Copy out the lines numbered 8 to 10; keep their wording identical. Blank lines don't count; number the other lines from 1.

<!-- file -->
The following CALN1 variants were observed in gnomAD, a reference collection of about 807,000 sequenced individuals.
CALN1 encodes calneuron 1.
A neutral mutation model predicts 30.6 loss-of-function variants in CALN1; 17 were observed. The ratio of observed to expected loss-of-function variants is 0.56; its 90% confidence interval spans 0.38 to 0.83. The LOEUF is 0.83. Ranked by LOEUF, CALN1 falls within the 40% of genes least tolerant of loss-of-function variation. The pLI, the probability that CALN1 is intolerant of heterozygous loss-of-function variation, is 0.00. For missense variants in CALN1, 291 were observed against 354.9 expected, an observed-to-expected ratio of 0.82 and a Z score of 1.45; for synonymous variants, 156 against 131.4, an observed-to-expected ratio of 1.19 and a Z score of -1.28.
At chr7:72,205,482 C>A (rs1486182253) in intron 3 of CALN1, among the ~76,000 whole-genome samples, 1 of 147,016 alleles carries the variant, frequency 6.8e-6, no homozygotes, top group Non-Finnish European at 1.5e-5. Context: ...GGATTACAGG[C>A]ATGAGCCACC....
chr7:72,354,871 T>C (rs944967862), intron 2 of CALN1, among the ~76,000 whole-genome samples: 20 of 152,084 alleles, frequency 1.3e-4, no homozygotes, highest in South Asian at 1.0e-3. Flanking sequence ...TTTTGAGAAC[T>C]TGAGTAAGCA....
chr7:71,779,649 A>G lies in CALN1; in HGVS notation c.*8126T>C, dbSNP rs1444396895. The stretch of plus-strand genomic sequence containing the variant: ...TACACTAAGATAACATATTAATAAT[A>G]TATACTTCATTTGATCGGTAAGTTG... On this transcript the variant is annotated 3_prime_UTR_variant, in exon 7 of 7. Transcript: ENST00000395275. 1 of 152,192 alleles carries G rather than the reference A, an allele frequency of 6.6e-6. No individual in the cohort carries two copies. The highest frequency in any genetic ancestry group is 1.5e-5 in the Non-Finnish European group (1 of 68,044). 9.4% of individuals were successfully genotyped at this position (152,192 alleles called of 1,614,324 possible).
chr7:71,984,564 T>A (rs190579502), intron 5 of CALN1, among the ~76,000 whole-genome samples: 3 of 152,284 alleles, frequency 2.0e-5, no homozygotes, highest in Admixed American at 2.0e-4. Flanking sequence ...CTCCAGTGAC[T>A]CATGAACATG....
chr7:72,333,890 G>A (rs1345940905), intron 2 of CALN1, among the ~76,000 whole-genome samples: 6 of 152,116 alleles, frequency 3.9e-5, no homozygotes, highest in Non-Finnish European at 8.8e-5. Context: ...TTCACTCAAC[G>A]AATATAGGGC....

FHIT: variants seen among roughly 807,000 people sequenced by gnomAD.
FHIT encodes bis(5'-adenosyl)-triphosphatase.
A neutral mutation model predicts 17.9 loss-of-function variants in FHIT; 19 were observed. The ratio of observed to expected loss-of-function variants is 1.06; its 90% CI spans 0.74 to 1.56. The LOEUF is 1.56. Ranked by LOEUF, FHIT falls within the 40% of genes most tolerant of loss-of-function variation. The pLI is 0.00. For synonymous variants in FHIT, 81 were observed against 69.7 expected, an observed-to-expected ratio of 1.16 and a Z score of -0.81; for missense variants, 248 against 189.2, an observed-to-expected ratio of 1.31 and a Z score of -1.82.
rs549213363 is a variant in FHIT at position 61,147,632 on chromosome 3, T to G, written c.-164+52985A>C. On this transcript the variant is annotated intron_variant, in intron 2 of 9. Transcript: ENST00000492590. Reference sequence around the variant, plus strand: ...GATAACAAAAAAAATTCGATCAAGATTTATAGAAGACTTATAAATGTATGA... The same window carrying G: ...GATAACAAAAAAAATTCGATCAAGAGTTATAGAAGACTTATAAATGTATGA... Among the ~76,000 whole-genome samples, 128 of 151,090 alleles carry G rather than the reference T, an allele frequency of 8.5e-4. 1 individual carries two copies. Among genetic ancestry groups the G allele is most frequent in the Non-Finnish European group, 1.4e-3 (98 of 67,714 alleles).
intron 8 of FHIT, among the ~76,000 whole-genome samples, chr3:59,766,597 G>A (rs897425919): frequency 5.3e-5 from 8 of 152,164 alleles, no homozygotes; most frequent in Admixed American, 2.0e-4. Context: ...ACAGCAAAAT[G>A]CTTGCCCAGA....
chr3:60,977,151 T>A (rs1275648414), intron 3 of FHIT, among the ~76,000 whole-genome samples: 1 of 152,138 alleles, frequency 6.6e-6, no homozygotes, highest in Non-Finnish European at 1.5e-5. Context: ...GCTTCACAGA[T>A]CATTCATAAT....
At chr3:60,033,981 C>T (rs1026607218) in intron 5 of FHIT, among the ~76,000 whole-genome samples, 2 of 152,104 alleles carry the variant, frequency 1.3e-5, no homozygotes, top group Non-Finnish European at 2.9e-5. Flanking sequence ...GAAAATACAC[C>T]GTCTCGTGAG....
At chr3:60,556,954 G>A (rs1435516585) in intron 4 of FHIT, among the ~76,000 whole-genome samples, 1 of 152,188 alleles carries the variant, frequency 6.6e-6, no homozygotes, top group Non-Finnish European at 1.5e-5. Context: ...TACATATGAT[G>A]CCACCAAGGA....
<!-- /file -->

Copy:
chr7:72,333,890 G>A (rs1345940905), intron 2 of CALN1, among the ~76,000 whole-genome samples: 6 of 152,116 alleles, frequency 3.9e-5, no homozygotes, highest in Non-Finnish European at 8.8e-5. Context: ...TTCACTCAAC[G>A]AATATAGGGC....

FHIT: variants seen among roughly 807,000 people sequenced by gnomAD.
FHIT encodes bis(5'-adenosyl)-triphosphatase.